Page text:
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Handbook 11-07
December 2010

Chapter 1

The Language of Disasters and Incidents

Words have meaning and power, and as such, it is important to understand the precise meanings of terms used in conversation and writing. This is especially true when people are dealing with situations that are vague, uncertain, complex, ambiguous, and possibly lethal.

The language of disasters and incidents is different from the military terminology we use day-to-day. When a unit is mobilized to assist with a domestic operation, it is extremely important to understand the language used by first responders and incident commanders. This chapter will introduce you to this language by identifying and explaining key terminology.



Disasters, Hazards, and Incidents

The terms disaster, hazard, and incident reached their current definitions through two sources, one dating from before 9/11 and the other after 9/11. The older terms in the Robert T. Stafford Disaster Relief and Emergency Assistance Act - major disaster, natural disaster, and domestic disaster - are more familiar to laymen, while the newer ones in the National Response Framework (NRF) - incident or catastrophic incident - are elements of the more specialized vocabulary of emergency responders. Both older and newer terms are used, and the staff officer should understand how to use all of them.

Major disaster is defined by Title 42 U.S. Code Section 5122(2) as follows:


Any natural catastrophe (including any hurricane, tornado, storm, high water, wind driven water, tidal wave, tsunami, earthquake, volcanic eruption, landslide, mudslide, snowstorm, or drought) or, regardless of cause, any fire, flood, or explosion, in any part of the United States, which in the determination of the President causes damage of sufficient severity and magnitude to warrant major disaster assistance under this Act to supplement the efforts and available resources of States, local governments, and disaster relief organizations in alleviating the damage, loss, hardship, or suffering caused thereby.

Emergency is defined by The Stafford Act as follows:


Any occasion or instance for which, in the determination of the President, Federal assistance is needed to supplement State and local efforts and capabilities to save lives and to protect property and public health and safety, or to lessen or avert the threat of a catastrophe in any part of the United States.

Incident is defined by Joint Publication 3-28, Civil Support, as follows:


An occurrence, caused by either human action or natural phenomena, that requires action to prevent or minimize loss of life or damage to property and/or natural resources.

A disaster has already occurred and caused significant damage, while a hazard, as defined by the NRF, is simply "something that is potentially dangerous or harmful, often the root cause of an unwanted outcome." The Northridge earthquake was a disaster, while earthquakes in general are hazards. All disasters or hazards fall into two general categories (natural or man-made) and most fall into one of a number of subcategories.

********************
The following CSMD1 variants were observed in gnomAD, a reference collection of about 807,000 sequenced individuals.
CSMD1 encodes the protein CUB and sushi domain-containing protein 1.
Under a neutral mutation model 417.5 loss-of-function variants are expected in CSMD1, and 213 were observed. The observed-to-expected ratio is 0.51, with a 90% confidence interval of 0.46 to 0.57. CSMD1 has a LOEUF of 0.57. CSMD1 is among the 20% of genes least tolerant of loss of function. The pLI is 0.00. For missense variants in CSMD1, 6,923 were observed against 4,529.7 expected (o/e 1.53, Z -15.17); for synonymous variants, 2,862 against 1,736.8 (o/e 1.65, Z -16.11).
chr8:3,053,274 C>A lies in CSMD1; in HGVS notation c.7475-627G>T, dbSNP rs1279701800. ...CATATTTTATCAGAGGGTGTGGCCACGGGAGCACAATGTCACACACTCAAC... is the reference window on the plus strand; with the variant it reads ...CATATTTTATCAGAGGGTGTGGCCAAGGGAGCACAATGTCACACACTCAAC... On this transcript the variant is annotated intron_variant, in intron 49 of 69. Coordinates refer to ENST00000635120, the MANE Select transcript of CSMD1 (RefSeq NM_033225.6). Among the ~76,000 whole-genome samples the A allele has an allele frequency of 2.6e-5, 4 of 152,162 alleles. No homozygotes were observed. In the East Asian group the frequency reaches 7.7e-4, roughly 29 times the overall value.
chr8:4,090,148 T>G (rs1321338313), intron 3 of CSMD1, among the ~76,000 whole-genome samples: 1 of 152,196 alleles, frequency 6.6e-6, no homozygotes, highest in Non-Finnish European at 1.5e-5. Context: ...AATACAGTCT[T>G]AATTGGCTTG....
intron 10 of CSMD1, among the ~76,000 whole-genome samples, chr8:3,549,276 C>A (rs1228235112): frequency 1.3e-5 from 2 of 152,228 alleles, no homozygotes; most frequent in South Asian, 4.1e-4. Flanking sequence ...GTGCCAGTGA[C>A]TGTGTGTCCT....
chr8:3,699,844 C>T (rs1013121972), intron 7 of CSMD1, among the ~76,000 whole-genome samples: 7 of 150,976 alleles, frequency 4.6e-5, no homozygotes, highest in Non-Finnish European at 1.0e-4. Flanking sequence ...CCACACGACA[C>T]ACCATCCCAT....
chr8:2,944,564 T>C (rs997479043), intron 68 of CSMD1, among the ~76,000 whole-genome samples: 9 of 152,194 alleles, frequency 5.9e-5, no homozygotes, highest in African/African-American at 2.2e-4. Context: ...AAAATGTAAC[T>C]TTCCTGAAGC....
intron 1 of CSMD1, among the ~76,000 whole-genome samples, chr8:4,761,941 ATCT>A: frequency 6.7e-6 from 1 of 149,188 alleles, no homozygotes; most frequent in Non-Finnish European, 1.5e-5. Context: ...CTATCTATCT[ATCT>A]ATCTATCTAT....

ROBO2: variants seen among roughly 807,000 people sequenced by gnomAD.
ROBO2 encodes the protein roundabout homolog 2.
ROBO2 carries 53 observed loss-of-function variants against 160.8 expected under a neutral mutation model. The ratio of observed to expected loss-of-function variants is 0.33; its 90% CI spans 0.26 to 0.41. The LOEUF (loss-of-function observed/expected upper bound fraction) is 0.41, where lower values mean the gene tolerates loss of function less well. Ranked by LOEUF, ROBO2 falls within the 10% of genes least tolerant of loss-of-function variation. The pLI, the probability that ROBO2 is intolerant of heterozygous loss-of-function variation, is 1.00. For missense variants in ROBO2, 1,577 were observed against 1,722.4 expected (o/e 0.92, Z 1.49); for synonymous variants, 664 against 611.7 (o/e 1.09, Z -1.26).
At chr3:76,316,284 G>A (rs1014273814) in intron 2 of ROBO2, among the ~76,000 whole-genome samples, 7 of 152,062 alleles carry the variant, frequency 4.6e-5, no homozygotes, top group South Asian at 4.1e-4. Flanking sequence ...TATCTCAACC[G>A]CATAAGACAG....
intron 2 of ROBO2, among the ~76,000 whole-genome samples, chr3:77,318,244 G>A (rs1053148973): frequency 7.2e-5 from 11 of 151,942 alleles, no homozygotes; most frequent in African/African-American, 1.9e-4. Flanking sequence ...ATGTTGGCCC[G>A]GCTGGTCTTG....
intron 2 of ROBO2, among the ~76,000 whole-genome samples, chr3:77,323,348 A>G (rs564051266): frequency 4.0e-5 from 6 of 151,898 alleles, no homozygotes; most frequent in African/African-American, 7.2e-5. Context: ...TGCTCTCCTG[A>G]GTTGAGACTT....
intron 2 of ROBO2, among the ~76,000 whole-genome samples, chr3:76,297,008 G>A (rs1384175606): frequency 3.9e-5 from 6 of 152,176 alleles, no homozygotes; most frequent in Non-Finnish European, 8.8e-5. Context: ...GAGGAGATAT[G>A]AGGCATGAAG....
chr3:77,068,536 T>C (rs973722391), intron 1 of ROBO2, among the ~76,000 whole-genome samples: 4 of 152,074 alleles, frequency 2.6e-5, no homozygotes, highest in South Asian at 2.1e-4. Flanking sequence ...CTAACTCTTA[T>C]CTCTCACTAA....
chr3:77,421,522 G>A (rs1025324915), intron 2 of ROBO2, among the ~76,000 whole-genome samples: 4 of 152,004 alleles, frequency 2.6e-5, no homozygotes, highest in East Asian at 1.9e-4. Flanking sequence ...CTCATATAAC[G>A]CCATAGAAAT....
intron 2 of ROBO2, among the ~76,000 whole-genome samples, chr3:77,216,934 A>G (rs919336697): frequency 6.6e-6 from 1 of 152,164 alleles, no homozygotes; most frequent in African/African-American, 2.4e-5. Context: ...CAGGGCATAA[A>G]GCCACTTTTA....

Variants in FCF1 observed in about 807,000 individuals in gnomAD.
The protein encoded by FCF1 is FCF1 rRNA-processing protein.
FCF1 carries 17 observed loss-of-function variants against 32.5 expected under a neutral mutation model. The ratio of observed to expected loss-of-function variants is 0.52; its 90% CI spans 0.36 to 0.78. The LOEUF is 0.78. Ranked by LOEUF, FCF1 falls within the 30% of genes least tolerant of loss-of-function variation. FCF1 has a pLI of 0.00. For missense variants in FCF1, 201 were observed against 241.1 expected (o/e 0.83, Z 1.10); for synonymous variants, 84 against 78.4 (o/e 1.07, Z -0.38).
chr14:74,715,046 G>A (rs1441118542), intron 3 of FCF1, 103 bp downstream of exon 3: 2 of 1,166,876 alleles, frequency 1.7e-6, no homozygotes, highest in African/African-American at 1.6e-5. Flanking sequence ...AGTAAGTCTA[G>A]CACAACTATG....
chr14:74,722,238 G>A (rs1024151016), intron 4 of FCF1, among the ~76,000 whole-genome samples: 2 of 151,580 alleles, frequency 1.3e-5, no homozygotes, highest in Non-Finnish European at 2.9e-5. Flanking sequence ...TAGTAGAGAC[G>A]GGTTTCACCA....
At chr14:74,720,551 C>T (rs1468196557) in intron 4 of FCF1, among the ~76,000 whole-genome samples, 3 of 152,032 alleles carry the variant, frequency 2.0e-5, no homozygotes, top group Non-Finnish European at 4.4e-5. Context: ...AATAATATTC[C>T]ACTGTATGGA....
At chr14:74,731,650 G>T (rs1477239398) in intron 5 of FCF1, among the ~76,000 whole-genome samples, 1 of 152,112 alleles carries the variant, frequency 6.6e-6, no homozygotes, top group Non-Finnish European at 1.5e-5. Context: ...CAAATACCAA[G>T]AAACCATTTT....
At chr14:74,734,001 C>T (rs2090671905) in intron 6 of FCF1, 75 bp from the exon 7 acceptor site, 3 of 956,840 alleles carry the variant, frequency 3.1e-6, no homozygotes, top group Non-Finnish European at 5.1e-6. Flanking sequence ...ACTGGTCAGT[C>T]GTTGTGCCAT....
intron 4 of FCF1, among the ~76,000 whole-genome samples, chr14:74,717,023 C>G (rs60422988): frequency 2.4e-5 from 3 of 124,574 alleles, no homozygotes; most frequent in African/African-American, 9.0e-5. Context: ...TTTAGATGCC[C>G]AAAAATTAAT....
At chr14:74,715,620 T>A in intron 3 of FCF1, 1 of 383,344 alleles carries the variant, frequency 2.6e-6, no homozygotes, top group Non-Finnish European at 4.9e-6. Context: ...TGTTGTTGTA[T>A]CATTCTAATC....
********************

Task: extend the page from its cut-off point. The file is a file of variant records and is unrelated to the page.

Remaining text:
NATURAL DISASTERS OR HAZARDS

Natural (Geological) Events

  • Avalanche
  • Landslide, rockslide, mudslide
  • Volcanic eruption
  • Earthquake
  • Subsidence

Hydro-Meteorological Events

  • Drought
  • Hurricane
  • Tornado
  • Typhoon
  • Winter snow or ice storm
  • Flood
  • Severe storm
  • Tropical storm
  • Tsunami or tidal wave
  • Wildfire (accidental)

Other Natural Events

  • Wildfires (lightning-caused)

Table 1-1a. Types of natural disasters and hazards



MAN-MADE DISASTERS OR HAZARDS

Accidental/Unintentional Events

  • Aircraft crash
  • Nuclear accident
  • Train derailment
  • Hazardous materials spill
  • Oil spill
  • Wildfire (accidental)

Intentional/Deliberate Events

Criminal

  • Arson

 

Terrorist

  • Biological attack
  • Explosives attack
  • Nuclear attack
  • Chemical attack
  • Hijacking
  • Radiological attack

Table 1-1b. Types of man-made disasters and hazards



Stafford Act Declarations

The Stafford Act commits federal resources to responding to damaging, life-threatening disasters when state and local efforts cannot handle them. The federal government reacts to formal state requests for assistance in three principal ways, the first two requiring a presidential declaration:


1. Major disaster declaration: In response to a request from the governor of a state, the president makes this declaration, opening the way to a large federal commitment of resources, including the potential deployment of Department of Defense (DOD) personnel and resources. The frequency of major disasters and the costs to the federal government are on the rsise because of:

a. Increasing population density.

b. Increasing settlement in high-risk areas.

c. Increasing technological risks. (Hazardous substances are an example.)

Because of these increasing circumstances, one disaster causes additional disasters. For example, an earthquake may rupture gas lines, causing fires and chemical spills.

2. Emergency declaration: At the request of a governor, this presidential declaration authorizes a lesser federal commitment, limited to $5 million.

3. Fire management assistance declaration: Authorizes the use of federal funds to mitigate, manage, and control fires burning on publicly or privately owned forests or grasslands. At the request of a governor, the regional Federal Emergency Management Agency (FEMA) director makes the declaration, not the president.

Figure 1-1 shows presidential disaster declarations, January 2000 through March 2007.



Graphic showing diagram of shows presidential disaster declarations, January 2000 through March 2007

Figure 1-1



FEMA posts basic information about each of the individual declarations of major disasters, emergencies, and fires on its website at "http://www.fema.gov/hazard/index.shtm". Figure 1-2 shows the relationship between the severity of an event and the level of response to the event.



Graphic showing the Stafford Act relationship between the severity of an event and the level of response to the event

Figure 1-2. Severity of events



Facts about declarations: